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  #31 (permalink)  
Old 12-11-2006, 01:29 PM
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You can skimp on the intake clearance because the piston is running from the valve so the exhaust is one to watch because the piston is chasing the vavle.


.050 is okay with intakes, .100 with exhaust is better but .085 has worked. If you float the valves then......BANG.

With a 106 LCA installed straight up, you should have seen 106 on the degree wheel. You might need to check again. If 100 is what you verified, you would have a 6 degree's advance.

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  #32 (permalink)  
Old 12-11-2006, 08:25 PM
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Well this is the first time I have ever degreed in a cam, so I could have done it wrong. I have always just installed them straight up without checking anything, but they have all been mild cams also.

As far as the LSA, I can't tell you what it is on the cam, because I was never told. I was told to install it on the 106 and the 108 centerline, depending on which day of the week it was. The procedure I followed was:

Install cam straight up. I rotated cam to max lift on intake lobe of #1 cylinder. I zeroed the dial indicator. I rotated the crank clockwise until the lift dropped .050" on the dial indicator. I recorded the reading on the degree wheel, and then found max lift again. Re-zero'd dial indicator and went counterclockwise with the crank until I again was down .050 on the dial indicator. Recorded this reading on the degree wheel. I added the two recordings and divided by two. This is what I understand to be the centerline of the cam. If I recall, I came up with 100.25, which I rounded down to 100. I honestly don't recall which way I went on the crank gear, but I went 3 notches one way or the other. I re-did this procedure and got 106 the next time.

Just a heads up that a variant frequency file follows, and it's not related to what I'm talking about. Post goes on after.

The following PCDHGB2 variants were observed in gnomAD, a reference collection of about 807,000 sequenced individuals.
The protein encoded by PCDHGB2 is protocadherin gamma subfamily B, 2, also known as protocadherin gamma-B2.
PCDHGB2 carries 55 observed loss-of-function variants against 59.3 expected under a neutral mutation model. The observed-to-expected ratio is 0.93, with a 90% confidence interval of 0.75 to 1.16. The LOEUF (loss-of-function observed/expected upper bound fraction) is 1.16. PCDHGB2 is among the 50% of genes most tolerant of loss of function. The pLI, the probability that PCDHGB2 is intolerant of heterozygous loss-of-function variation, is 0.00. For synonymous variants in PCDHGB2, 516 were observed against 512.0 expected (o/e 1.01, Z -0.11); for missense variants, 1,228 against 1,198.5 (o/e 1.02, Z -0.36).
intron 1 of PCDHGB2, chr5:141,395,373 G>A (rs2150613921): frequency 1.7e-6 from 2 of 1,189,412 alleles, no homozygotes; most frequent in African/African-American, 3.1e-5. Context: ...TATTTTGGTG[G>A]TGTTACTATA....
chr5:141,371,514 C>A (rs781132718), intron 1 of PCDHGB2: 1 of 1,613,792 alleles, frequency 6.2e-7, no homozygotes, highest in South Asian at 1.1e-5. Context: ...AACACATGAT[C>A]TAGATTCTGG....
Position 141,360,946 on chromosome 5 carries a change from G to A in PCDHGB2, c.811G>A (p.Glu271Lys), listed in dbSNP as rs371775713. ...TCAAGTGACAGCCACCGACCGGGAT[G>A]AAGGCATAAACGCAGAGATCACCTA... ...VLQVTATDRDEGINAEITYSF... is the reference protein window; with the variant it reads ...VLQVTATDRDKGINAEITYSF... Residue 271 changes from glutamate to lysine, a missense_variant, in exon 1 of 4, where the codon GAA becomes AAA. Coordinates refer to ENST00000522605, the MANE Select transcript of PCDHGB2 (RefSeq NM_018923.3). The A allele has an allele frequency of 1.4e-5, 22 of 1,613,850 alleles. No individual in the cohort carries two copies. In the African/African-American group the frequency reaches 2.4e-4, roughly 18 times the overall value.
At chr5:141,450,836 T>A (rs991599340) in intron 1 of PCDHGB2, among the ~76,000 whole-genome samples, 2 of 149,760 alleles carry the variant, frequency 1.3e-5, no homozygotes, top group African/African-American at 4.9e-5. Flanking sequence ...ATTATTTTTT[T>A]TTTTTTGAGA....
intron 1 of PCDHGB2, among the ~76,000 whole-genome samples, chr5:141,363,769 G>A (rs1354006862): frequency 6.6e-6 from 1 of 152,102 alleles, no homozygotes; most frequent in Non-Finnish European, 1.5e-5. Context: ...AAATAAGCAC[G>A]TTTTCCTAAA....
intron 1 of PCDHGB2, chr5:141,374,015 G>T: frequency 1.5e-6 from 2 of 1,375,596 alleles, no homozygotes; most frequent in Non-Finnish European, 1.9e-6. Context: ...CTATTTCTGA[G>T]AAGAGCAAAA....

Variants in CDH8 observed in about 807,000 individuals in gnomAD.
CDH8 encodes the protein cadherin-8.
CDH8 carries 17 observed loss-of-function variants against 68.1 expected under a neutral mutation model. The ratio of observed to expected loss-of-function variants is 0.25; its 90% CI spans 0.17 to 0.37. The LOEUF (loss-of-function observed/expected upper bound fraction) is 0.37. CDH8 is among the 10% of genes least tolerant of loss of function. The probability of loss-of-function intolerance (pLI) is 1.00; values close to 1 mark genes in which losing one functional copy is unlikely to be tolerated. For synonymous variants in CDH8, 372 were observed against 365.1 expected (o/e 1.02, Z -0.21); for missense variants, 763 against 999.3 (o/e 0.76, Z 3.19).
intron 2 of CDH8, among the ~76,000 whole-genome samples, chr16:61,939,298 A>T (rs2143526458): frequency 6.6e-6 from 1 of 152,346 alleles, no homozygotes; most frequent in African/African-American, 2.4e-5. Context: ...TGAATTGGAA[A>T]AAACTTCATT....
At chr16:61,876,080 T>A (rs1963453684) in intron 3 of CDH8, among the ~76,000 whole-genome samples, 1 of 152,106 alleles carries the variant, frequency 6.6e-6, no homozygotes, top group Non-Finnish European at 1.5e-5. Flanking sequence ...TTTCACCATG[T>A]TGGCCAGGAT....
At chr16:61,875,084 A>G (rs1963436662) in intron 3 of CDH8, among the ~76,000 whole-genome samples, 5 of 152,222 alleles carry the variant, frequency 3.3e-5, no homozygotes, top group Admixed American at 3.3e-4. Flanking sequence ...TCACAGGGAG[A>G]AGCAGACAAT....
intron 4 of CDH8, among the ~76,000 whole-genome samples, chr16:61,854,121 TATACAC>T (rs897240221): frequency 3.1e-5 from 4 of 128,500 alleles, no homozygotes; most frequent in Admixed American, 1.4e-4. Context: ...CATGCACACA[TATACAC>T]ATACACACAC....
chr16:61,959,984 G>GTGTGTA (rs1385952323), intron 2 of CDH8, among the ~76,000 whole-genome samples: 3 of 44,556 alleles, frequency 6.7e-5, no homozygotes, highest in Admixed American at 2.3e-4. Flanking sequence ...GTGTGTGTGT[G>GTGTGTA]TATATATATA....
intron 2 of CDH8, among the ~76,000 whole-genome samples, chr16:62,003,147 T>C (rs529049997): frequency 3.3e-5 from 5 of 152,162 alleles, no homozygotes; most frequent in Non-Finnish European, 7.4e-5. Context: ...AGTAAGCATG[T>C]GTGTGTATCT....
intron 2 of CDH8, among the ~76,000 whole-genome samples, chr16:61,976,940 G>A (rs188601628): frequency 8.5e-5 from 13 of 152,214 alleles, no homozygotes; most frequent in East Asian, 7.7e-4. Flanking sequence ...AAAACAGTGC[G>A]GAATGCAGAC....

Did I screw this up, or was I on target here?
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Old 12-12-2006, 11:13 AM
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That doesn't sound right to me.

I find the max lift of the cam, then find TCD on the piston. If I'm installing straight up, I'll turn the crank to the centerline,101, 104. 106, 108, 110, 112, 114 or whatever. then install the belt, chain or gears. If I wanna go advanced, I subtract that amount from the LCA. 106 installed 4 degree's advance is 102. Install the belt, chain, gears, ect...

Just to verify it's right, find max cam lift by measuring a set amount, doesn't matter how you find it really, .050 is sometimes confusing with .050 tappet rise, I use .010 because it takes less time. Sometimes I just watch the needle till it starts going back down and back it up the crank a little bit. That doesn't really work as well with roller cams though because the nose is pretty flat giving a few degree's of dwell. It's less accurate. After finding the max lift, read the wheel. Should say what is on your card. Beware on custom race type grinds, the lobes are not always the same on both side. So the centerline is not spot on with max lift. Some grinds will lift the valve very fast and slow it down just before max lift, some will lift slowly and go past the centerline with lift then drop the valve suddenly while others will go fast and slow it down right before it hit's the seat. Some will launch the vavle off the nose. That's why it's best to measure at least .050 down both side of the lobe. .